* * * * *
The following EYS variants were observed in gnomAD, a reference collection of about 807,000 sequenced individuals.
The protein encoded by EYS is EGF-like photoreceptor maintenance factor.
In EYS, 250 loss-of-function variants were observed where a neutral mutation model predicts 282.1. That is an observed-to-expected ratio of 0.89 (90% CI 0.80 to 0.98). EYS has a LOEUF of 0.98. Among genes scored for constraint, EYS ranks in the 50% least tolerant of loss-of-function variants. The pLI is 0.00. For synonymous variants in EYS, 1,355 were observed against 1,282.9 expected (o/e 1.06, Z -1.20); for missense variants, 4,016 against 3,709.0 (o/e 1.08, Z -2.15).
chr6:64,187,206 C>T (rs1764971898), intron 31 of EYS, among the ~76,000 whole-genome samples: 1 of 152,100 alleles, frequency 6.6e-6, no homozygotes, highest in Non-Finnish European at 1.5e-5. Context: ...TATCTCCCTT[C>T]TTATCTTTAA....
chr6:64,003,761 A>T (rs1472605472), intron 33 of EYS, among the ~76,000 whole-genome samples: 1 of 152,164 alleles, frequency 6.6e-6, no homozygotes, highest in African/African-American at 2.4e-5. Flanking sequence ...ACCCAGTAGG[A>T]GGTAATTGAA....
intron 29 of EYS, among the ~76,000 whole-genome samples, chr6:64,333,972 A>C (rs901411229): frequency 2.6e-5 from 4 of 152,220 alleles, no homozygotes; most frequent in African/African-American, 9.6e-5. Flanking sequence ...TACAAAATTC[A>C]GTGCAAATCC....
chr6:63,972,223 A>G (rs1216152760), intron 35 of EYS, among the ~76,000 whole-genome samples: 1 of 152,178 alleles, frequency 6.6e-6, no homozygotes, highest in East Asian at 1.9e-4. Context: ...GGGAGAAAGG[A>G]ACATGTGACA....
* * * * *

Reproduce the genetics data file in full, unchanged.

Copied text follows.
The following EYS variants were observed in gnomAD, a reference collection of about 807,000 sequenced individuals.
The protein encoded by EYS is EGF-like photoreceptor maintenance factor.
In EYS, 250 loss-of-function variants were observed where a neutral mutation model predicts 282.1. That is an observed-to-expected ratio of 0.89 (90% CI 0.80 to 0.98). EYS has a LOEUF of 0.98. Among genes scored for constraint, EYS ranks in the 50% least tolerant of loss-of-function variants. The pLI is 0.00. For synonymous variants in EYS, 1,355 were observed against 1,282.9 expected (o/e 1.06, Z -1.20); for missense variants, 4,016 against 3,709.0 (o/e 1.08, Z -2.15).
chr6:64,187,206 C>T (rs1764971898), intron 31 of EYS, among the ~76,000 whole-genome samples: 1 of 152,100 alleles, frequency 6.6e-6, no homozygotes, highest in Non-Finnish European at 1.5e-5. Context: ...TATCTCCCTT[C>T]TTATCTTTAA....
chr6:64,003,761 A>T (rs1472605472), intron 33 of EYS, among the ~76,000 whole-genome samples: 1 of 152,164 alleles, frequency 6.6e-6, no homozygotes, highest in African/African-American at 2.4e-5. Flanking sequence ...ACCCAGTAGG[A>T]GGTAATTGAA....
intron 29 of EYS, among the ~76,000 whole-genome samples, chr6:64,333,972 A>C (rs901411229): frequency 2.6e-5 from 4 of 152,220 alleles, no homozygotes; most frequent in African/African-American, 9.6e-5. Flanking sequence ...TACAAAATTC[A>C]GTGCAAATCC....
chr6:63,972,223 A>G (rs1216152760), intron 35 of EYS, among the ~76,000 whole-genome samples: 1 of 152,178 alleles, frequency 6.6e-6, no homozygotes, highest in East Asian at 1.9e-4. Context: ...GGGAGAAAGG[A>G]ACATGTGACA....